Carbon offsetting standards and projects are moving towards more measurement and reporting of “co-benefits”. Co-benefits are positive impacts on the local people and ecosystems that are created by the project, over and above the carbon benefit.
We work primarily with the Plan Vivo standard under which co-benefits have been monitored and verified for many years. Every Plan Vivo project has a process in place for monitoring Ecosystems impact, Community impact and Biodiversity impact. Other carbon offset standards such as the Gold Standard are now beginning to catch up.
I recently visited two Plan Vivo projects within the Nakau REDD programme on Fiji and Vanuatu. In the protected forest we saw labels marking trees that are regularly monitored, as in this photo.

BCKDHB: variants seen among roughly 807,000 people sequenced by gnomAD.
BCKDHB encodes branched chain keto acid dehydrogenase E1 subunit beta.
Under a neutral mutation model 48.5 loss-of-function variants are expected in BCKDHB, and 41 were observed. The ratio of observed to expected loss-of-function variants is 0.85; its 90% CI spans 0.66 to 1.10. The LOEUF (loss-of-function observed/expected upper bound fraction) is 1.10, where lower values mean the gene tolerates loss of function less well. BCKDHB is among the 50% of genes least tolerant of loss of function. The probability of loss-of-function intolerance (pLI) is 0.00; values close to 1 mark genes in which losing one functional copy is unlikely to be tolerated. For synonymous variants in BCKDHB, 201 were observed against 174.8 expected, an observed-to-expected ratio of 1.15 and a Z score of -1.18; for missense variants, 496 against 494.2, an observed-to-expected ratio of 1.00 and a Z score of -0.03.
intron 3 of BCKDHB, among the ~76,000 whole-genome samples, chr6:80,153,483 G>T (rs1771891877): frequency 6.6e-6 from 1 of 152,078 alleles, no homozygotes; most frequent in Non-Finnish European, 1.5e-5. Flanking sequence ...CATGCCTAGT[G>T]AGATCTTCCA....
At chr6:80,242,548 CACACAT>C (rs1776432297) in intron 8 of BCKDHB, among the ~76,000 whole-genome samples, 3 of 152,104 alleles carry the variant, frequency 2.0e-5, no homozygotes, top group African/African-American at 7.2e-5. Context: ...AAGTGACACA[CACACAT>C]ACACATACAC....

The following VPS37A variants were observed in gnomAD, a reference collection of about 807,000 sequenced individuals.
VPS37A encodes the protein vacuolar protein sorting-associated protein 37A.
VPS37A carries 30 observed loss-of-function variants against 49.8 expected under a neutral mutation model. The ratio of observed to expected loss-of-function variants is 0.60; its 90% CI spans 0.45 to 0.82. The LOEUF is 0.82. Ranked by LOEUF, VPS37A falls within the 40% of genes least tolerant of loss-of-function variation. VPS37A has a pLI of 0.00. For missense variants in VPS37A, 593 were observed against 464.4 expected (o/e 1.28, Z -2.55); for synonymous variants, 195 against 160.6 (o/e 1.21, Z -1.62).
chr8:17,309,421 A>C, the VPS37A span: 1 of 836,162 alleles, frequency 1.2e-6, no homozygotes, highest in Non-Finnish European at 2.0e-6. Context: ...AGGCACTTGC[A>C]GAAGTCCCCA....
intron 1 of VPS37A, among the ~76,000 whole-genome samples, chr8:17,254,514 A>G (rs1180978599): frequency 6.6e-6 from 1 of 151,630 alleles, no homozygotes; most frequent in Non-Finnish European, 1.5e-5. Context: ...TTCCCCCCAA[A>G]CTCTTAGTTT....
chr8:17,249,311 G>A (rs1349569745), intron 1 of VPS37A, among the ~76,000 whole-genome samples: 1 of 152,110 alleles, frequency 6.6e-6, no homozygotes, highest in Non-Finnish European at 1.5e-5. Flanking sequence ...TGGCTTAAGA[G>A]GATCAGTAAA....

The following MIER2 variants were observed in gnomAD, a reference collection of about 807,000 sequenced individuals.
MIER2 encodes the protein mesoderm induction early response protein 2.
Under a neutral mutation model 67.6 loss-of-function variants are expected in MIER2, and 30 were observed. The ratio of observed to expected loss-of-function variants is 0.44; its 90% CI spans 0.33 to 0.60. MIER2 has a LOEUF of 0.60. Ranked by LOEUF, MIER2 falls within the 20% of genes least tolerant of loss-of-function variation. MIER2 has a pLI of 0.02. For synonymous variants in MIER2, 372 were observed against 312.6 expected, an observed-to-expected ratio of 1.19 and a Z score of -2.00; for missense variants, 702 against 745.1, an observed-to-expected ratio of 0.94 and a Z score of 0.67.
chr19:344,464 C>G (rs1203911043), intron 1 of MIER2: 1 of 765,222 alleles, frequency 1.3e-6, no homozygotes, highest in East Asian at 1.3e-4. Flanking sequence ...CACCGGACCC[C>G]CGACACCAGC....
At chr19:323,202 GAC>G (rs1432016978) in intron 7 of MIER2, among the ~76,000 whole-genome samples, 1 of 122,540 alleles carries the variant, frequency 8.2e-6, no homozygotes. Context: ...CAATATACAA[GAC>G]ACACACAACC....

But I was also impressed by the number of other parameters being monitored, for instance the following Community Impacts:
– collection of food from the forest in traditional ways
– income from selling own-grown food
– availability of water
– access to education
– hours spent cooking, growing food, resting
– engagement of young adults in running the project.
The baseline measurements for all these parameters were done by social survey during the development of the project and the first third party monitoring will take place in 2019.
During our visit we saw evidence for two of these impacts. We took part in traditional collection of food from the forest
and we presented new jackets to the team of young rangers.
So while our customers buy “klimatkompensation” the Plan Vivo projects are building an evidence base of many other impacts. This kind of evidence should be expected from all carbon offset projects in the future.